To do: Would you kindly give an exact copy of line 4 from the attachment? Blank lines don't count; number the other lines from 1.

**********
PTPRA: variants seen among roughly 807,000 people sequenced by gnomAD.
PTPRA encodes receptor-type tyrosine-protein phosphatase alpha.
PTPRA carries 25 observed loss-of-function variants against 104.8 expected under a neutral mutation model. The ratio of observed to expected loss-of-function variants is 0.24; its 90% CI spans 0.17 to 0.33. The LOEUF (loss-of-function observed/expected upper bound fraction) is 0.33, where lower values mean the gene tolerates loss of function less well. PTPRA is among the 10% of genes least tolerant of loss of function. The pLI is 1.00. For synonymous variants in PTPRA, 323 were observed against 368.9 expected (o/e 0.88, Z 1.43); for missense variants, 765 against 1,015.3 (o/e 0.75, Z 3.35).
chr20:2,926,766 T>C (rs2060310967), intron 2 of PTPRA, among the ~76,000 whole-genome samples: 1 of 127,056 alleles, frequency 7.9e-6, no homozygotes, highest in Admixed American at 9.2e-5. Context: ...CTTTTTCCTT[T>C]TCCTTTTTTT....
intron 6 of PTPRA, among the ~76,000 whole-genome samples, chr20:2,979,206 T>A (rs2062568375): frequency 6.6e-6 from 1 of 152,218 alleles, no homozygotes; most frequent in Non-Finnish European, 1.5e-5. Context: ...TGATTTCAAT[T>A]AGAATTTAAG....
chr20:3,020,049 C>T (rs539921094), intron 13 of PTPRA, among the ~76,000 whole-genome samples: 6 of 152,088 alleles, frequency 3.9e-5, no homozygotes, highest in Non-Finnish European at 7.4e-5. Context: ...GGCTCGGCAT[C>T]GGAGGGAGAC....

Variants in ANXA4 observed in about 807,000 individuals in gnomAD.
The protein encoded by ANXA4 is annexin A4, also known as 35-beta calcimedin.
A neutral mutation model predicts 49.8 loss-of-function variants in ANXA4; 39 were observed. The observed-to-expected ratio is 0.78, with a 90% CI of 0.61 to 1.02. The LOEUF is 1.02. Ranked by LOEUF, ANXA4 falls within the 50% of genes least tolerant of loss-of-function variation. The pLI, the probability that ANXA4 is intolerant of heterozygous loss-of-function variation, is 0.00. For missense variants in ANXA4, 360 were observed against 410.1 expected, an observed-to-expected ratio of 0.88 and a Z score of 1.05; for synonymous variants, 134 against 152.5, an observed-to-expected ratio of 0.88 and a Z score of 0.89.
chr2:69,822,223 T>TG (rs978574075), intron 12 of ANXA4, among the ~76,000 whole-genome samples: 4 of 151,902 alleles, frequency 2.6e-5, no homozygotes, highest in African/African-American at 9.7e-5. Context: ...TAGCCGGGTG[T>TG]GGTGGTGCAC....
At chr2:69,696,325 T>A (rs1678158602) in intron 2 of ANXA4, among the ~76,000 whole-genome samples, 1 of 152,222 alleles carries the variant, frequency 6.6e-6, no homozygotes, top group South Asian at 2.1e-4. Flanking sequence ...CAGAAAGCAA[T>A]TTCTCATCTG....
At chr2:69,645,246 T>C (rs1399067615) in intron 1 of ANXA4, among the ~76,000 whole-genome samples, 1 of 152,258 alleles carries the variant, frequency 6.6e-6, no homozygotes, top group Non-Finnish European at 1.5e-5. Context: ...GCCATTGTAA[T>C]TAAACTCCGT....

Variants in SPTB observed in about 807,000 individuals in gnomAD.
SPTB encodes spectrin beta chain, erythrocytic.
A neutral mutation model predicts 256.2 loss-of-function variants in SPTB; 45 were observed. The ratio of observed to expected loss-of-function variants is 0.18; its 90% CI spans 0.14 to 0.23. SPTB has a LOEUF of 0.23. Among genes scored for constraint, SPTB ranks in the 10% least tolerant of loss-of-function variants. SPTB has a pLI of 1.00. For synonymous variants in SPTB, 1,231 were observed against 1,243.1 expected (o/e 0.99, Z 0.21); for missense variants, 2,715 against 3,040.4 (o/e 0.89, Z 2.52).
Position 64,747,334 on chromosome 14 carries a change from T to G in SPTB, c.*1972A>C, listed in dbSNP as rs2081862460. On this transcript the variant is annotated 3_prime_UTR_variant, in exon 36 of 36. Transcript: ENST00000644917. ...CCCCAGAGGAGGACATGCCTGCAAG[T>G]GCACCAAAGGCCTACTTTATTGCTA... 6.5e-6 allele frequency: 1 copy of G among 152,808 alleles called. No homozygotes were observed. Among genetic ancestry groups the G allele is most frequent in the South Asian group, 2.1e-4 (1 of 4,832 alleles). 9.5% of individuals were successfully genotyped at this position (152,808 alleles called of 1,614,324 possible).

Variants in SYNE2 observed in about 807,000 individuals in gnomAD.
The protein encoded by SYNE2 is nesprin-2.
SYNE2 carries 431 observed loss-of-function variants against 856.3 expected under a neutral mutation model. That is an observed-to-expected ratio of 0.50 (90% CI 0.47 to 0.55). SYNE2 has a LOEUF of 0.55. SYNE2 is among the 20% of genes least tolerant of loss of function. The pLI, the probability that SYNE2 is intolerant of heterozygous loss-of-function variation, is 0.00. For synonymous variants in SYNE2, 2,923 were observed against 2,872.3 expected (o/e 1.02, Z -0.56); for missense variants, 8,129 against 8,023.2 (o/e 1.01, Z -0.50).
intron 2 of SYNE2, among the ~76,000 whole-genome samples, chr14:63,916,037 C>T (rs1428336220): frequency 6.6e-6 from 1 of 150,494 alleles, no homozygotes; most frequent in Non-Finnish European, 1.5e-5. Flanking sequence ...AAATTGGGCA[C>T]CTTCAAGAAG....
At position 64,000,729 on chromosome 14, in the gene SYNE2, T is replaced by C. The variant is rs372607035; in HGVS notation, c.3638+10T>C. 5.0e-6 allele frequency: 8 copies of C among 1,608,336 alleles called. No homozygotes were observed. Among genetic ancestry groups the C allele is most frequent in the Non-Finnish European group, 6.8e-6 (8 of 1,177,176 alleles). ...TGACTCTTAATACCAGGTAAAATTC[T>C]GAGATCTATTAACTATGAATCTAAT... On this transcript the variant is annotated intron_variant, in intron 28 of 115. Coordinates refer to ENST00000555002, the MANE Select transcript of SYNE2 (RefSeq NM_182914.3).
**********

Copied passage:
chr20:2,926,766 T>C (rs2060310967), intron 2 of PTPRA, among the ~76,000 whole-genome samples: 1 of 127,056 alleles, frequency 7.9e-6, no homozygotes, highest in Admixed American at 9.2e-5. Context: ...CTTTTTCCTT[T>C]TCCTTTTTTT....